Edinburgh Research Explorer

Common variants in CLDN14 are associated with differential excretion of magnesium over calcium in urine

Research output: Contribution to journalLiterature review

Related Edinburgh Organisations

Open Access permissions

Open

Documents

Original languageEnglish
JournalPflugers Archiv - European Journal of Physiology
Early online date3 Dec 2016
DOIs
Publication statusPublished - Jan 2017

Abstract

The nature and importance of genetic factors regulating the differential handling of Ca(2+) and Mg(2+) by the renal tubule in the general population are poorly defined. We conducted a genome-wide meta-analysis of urinary magnesium-to-calcium ratio to identify associated common genetic variants. We included 9320 adults of European descent from four genetic isolates and three urban cohorts. Urinary magnesium and calcium concentrations were measured centrally in spot urine, and each study conducted linear regression analysis of urinary magnesium-to-calcium ratio on ~2.5 million single-nucleotide polymorphisms (SNPs) using an additive model. We investigated, in mouse, the renal expression profile of the top candidate gene and its variation upon changes in dietary magnesium. The genome-wide analysis evidenced a top locus (rs172639, p = 1.7 × 10(-12)), encompassing CLDN14, the gene coding for claudin-14, that was genome-wide significant when using urinary magnesium-to-calcium ratio, but not either one taken separately. In mouse, claudin-14 is expressed in the distal nephron segments specifically handling magnesium, and its expression is regulated by chronic changes in dietary magnesium content. A genome-wide approach identified common variants in the CLDN14 gene exerting a robust influence on the differential excretion of Mg(2+) over Ca(2+) in urine. These data highlight the power of urinary electrolyte ratios to unravel genetic determinants of renal tubular function. Coupled with mouse experiments, these results support a major role for claudin-14, a gene associated with kidney stones, in the differential paracellular handling of divalent cations by the renal tubule.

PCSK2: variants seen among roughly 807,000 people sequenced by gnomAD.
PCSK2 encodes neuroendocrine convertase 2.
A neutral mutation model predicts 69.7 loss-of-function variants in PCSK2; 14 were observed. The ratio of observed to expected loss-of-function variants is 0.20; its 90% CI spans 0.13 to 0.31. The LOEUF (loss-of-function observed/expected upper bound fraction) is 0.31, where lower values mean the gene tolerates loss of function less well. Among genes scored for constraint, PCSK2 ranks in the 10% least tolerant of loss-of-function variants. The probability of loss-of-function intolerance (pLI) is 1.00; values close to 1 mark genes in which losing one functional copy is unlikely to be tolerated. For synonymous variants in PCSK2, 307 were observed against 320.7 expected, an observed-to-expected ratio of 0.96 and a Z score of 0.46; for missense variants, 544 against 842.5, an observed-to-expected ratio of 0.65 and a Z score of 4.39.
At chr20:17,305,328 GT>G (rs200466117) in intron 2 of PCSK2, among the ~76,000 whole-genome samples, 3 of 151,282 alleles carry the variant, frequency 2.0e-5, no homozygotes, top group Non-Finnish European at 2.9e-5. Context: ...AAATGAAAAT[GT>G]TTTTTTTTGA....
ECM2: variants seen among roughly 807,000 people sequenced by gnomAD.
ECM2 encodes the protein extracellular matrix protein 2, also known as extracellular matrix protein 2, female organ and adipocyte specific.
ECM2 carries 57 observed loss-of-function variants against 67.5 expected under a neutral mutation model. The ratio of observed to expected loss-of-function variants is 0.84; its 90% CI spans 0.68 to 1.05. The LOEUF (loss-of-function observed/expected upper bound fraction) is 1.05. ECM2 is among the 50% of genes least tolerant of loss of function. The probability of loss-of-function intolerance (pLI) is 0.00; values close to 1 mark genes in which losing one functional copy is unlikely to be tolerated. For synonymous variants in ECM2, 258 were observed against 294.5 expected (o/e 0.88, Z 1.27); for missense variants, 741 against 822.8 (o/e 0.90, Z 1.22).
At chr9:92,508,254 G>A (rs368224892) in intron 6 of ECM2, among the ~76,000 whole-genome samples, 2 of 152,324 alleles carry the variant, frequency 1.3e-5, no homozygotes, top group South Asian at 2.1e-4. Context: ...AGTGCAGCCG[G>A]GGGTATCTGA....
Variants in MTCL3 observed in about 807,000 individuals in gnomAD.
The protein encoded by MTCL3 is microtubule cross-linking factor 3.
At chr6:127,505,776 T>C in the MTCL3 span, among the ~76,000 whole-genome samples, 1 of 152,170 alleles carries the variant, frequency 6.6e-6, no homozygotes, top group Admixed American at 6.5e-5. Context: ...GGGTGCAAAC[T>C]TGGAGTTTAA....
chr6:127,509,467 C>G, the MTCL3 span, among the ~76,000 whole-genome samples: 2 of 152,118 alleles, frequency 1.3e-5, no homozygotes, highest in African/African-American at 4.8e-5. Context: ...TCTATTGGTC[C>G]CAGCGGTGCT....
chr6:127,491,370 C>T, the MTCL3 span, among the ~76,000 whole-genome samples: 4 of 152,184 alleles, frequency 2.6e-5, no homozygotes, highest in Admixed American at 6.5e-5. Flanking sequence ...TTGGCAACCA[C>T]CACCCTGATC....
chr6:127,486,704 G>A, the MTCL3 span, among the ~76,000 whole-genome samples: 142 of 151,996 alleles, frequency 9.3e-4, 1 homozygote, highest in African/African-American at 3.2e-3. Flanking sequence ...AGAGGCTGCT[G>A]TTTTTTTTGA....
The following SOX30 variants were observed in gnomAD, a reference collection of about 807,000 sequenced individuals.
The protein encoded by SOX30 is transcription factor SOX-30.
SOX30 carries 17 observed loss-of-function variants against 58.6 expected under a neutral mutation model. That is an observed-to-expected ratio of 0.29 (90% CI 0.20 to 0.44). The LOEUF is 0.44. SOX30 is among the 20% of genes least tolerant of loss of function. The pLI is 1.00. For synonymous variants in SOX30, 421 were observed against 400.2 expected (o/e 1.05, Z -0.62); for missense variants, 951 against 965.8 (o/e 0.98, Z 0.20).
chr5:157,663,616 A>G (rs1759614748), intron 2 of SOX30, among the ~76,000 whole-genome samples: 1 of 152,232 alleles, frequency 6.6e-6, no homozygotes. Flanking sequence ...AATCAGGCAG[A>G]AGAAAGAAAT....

Download statistics

No data available

ID: 29500698